Signed in red gouache, at lower left, "JJ Tissot".
At the mid-point of his career, the successful Tissot decided to produce an extensive series of watercolors illustrating the New Testament. He left Paris for North Africa to research the biblical lands, and by the mid-1890s, he produced 365 gouache drawings, 270 of which were exhibited in Paris in 1895 and in London the following year. Lemercier of Paris and Sampson Law of London published the illustrations in facsimile editions in 1897-98.
Following this triumph, Tissot retired to his family estate at Buillon in eastern France, near Besançon, where he embarked on the challenge of illustrating the Old Testament. This project occupied him until his death and was completed by his assistants. Ultimately, they produced 400 images. The Morgan group of five drawings are from this final campaign intended to give form to episodes from the Old Testament. They were removed from a special edition of the book, "La Sainte Bible (Ancien Testament) / quatre-cents compositions par J. James Tissot" (Paris, M. de Brunoff & cie., 1904), which was illustrated with hand-printed first proofs, that was likely acquired by Pierpont Morgan (PML 195000-03). The bulk of the pictures, 369 of them, were acquired by another banker, Jacob Henry Schiff, and are now in New York's Jewish Museum.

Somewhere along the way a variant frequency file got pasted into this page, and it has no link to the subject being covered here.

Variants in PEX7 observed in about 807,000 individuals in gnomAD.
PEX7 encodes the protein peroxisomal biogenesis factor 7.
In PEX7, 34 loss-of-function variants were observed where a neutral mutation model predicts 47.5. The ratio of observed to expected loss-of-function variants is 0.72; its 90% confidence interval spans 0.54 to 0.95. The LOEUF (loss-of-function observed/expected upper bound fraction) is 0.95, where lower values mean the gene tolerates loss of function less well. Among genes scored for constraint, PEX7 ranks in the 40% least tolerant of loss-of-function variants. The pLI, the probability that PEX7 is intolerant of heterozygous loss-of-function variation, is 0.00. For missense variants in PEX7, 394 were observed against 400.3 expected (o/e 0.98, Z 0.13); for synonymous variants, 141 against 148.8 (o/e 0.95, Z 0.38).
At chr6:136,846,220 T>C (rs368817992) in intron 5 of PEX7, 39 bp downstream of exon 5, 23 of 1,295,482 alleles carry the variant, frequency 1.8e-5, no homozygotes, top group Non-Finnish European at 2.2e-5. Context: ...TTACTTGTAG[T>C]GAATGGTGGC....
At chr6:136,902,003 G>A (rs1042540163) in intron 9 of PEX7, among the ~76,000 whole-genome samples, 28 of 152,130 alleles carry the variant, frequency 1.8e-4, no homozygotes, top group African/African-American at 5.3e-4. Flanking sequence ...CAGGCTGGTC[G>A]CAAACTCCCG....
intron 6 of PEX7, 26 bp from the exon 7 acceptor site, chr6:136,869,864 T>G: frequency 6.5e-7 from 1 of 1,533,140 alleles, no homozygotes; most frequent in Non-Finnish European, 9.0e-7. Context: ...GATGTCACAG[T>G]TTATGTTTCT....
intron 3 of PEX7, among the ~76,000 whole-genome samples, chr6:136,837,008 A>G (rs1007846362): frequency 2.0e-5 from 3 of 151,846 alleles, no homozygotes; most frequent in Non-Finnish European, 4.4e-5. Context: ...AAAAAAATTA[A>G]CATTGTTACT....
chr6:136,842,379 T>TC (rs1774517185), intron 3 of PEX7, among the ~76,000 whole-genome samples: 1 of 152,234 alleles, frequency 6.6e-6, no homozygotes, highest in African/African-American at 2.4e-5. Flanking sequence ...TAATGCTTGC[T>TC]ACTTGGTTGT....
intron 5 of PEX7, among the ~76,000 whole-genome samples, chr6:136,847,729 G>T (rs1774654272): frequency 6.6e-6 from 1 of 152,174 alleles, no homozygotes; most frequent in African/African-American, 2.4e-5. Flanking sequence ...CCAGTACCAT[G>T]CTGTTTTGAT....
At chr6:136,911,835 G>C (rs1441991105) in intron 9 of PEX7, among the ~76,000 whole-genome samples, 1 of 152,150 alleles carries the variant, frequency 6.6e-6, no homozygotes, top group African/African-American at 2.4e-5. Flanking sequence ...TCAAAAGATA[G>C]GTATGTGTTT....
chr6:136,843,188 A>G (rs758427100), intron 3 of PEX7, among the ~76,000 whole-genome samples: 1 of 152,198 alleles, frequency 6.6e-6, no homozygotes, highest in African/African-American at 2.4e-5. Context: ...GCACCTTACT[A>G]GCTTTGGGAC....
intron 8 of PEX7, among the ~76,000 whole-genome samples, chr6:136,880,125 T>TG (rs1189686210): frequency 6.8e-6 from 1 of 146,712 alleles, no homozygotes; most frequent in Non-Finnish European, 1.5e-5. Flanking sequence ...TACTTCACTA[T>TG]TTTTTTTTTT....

In this scene, Adam and Eve walk through the Garden of Eden, unashamed of their nakedness, though Tissot has chosen to conceal their genitals with fig leaves. They carry a bounty of fruit, suggesting the abundance of Eden.